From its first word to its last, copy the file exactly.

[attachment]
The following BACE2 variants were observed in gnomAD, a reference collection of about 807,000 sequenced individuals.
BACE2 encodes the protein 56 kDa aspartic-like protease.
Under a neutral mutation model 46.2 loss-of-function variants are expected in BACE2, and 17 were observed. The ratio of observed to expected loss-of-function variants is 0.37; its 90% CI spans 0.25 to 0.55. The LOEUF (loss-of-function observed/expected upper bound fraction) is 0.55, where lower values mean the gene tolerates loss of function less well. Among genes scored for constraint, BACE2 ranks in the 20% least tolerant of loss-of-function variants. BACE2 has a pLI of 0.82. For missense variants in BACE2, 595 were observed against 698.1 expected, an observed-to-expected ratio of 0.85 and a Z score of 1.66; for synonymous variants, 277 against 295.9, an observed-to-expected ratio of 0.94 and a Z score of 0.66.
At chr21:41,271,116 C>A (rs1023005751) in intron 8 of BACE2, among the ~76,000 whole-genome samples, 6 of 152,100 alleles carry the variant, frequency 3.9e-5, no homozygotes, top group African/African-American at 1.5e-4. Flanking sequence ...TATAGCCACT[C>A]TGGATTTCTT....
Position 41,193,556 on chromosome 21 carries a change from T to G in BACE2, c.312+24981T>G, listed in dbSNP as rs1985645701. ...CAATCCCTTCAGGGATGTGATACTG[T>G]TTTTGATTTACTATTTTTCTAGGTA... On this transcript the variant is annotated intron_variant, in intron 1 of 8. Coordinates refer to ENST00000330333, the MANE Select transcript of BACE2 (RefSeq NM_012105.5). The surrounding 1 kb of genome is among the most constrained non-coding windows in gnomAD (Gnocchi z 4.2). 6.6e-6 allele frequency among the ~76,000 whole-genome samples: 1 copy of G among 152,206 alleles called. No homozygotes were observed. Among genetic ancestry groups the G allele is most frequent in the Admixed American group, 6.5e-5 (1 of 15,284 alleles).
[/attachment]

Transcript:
The following BACE2 variants were observed in gnomAD, a reference collection of about 807,000 sequenced individuals.
BACE2 encodes the protein 56 kDa aspartic-like protease.
Under a neutral mutation model 46.2 loss-of-function variants are expected in BACE2, and 17 were observed. The ratio of observed to expected loss-of-function variants is 0.37; its 90% CI spans 0.25 to 0.55. The LOEUF (loss-of-function observed/expected upper bound fraction) is 0.55, where lower values mean the gene tolerates loss of function less well. Among genes scored for constraint, BACE2 ranks in the 20% least tolerant of loss-of-function variants. BACE2 has a pLI of 0.82. For missense variants in BACE2, 595 were observed against 698.1 expected, an observed-to-expected ratio of 0.85 and a Z score of 1.66; for synonymous variants, 277 against 295.9, an observed-to-expected ratio of 0.94 and a Z score of 0.66.
At chr21:41,271,116 C>A (rs1023005751) in intron 8 of BACE2, among the ~76,000 whole-genome samples, 6 of 152,100 alleles carry the variant, frequency 3.9e-5, no homozygotes, top group African/African-American at 1.5e-4. Flanking sequence ...TATAGCCACT[C>A]TGGATTTCTT....
Position 41,193,556 on chromosome 21 carries a change from T to G in BACE2, c.312+24981T>G, listed in dbSNP as rs1985645701. ...CAATCCCTTCAGGGATGTGATACTG[T>G]TTTTGATTTACTATTTTTCTAGGTA... On this transcript the variant is annotated intron_variant, in intron 1 of 8. Coordinates refer to ENST00000330333, the MANE Select transcript of BACE2 (RefSeq NM_012105.5). The surrounding 1 kb of genome is among the most constrained non-coding windows in gnomAD (Gnocchi z 4.2). 6.6e-6 allele frequency among the ~76,000 whole-genome samples: 1 copy of G among 152,206 alleles called. No homozygotes were observed. Among genetic ancestry groups the G allele is most frequent in the Admixed American group, 6.5e-5 (1 of 15,284 alleles).